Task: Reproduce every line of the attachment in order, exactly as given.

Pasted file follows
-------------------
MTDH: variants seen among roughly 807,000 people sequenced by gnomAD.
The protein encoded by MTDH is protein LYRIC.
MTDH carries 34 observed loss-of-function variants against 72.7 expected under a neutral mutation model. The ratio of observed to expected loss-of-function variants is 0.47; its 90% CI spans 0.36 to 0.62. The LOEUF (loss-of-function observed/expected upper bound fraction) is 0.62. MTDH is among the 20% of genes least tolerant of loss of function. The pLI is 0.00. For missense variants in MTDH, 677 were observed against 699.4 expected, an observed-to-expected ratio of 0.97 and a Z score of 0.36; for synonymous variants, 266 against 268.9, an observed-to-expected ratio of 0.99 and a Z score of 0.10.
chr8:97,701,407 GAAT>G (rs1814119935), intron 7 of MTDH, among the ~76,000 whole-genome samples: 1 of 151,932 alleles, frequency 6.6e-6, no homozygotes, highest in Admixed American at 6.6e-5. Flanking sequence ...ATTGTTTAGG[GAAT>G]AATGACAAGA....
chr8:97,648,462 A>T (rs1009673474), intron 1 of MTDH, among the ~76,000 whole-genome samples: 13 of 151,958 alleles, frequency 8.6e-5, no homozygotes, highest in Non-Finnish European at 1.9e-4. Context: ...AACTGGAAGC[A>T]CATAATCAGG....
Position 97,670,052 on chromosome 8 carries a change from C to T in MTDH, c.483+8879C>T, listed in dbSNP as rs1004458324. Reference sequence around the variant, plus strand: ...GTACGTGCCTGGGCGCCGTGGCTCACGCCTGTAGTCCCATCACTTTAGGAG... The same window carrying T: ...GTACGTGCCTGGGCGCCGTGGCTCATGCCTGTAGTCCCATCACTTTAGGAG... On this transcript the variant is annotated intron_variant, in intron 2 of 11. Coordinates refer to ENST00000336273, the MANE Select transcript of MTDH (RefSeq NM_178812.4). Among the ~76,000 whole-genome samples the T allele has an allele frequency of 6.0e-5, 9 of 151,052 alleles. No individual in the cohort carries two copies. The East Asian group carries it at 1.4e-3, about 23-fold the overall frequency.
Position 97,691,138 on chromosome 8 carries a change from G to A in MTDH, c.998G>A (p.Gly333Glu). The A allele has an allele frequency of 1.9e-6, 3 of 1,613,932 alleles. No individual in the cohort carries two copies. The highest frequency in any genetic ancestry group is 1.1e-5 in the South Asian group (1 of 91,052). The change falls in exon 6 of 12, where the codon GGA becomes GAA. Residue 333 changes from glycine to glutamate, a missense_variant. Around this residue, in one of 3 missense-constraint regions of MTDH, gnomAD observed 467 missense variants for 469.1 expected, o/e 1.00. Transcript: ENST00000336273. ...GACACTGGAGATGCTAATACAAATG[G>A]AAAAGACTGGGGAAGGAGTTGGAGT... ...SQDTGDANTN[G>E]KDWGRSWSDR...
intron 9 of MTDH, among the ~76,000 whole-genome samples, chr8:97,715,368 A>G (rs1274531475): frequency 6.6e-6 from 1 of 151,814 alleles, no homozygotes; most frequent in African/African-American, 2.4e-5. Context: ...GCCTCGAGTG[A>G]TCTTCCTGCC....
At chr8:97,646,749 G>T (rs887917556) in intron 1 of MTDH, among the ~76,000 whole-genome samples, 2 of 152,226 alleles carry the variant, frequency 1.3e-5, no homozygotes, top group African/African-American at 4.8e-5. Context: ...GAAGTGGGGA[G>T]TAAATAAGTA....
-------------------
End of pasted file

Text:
MTDH: variants seen among roughly 807,000 people sequenced by gnomAD.
The protein encoded by MTDH is protein LYRIC.
MTDH carries 34 observed loss-of-function variants against 72.7 expected under a neutral mutation model. The ratio of observed to expected loss-of-function variants is 0.47; its 90% CI spans 0.36 to 0.62. The LOEUF (loss-of-function observed/expected upper bound fraction) is 0.62. MTDH is among the 20% of genes least tolerant of loss of function. The pLI is 0.00. For missense variants in MTDH, 677 were observed against 699.4 expected, an observed-to-expected ratio of 0.97 and a Z score of 0.36; for synonymous variants, 266 against 268.9, an observed-to-expected ratio of 0.99 and a Z score of 0.10.
chr8:97,701,407 GAAT>G (rs1814119935), intron 7 of MTDH, among the ~76,000 whole-genome samples: 1 of 151,932 alleles, frequency 6.6e-6, no homozygotes, highest in Admixed American at 6.6e-5. Flanking sequence ...ATTGTTTAGG[GAAT>G]AATGACAAGA....
chr8:97,648,462 A>T (rs1009673474), intron 1 of MTDH, among the ~76,000 whole-genome samples: 13 of 151,958 alleles, frequency 8.6e-5, no homozygotes, highest in Non-Finnish European at 1.9e-4. Context: ...AACTGGAAGC[A>T]CATAATCAGG....
Position 97,670,052 on chromosome 8 carries a change from C to T in MTDH, c.483+8879C>T, listed in dbSNP as rs1004458324. Reference sequence around the variant, plus strand: ...GTACGTGCCTGGGCGCCGTGGCTCACGCCTGTAGTCCCATCACTTTAGGAG... The same window carrying T: ...GTACGTGCCTGGGCGCCGTGGCTCATGCCTGTAGTCCCATCACTTTAGGAG... On this transcript the variant is annotated intron_variant, in intron 2 of 11. Coordinates refer to ENST00000336273, the MANE Select transcript of MTDH (RefSeq NM_178812.4). Among the ~76,000 whole-genome samples the T allele has an allele frequency of 6.0e-5, 9 of 151,052 alleles. No individual in the cohort carries two copies. The East Asian group carries it at 1.4e-3, about 23-fold the overall frequency.
Position 97,691,138 on chromosome 8 carries a change from G to A in MTDH, c.998G>A (p.Gly333Glu). The A allele has an allele frequency of 1.9e-6, 3 of 1,613,932 alleles. No individual in the cohort carries two copies. The highest frequency in any genetic ancestry group is 1.1e-5 in the South Asian group (1 of 91,052). The change falls in exon 6 of 12, where the codon GGA becomes GAA. Residue 333 changes from glycine to glutamate, a missense_variant. Around this residue, in one of 3 missense-constraint regions of MTDH, gnomAD observed 467 missense variants for 469.1 expected, o/e 1.00. Transcript: ENST00000336273. ...GACACTGGAGATGCTAATACAAATG[G>A]AAAAGACTGGGGAAGGAGTTGGAGT... ...SQDTGDANTN[G>E]KDWGRSWSDR...
intron 9 of MTDH, among the ~76,000 whole-genome samples, chr8:97,715,368 A>G (rs1274531475): frequency 6.6e-6 from 1 of 151,814 alleles, no homozygotes; most frequent in African/African-American, 2.4e-5. Context: ...GCCTCGAGTG[A>G]TCTTCCTGCC....
At chr8:97,646,749 G>T (rs887917556) in intron 1 of MTDH, among the ~76,000 whole-genome samples, 2 of 152,226 alleles carry the variant, frequency 1.3e-5, no homozygotes, top group African/African-American at 4.8e-5. Context: ...GAAGTGGGGA[G>T]TAAATAAGTA....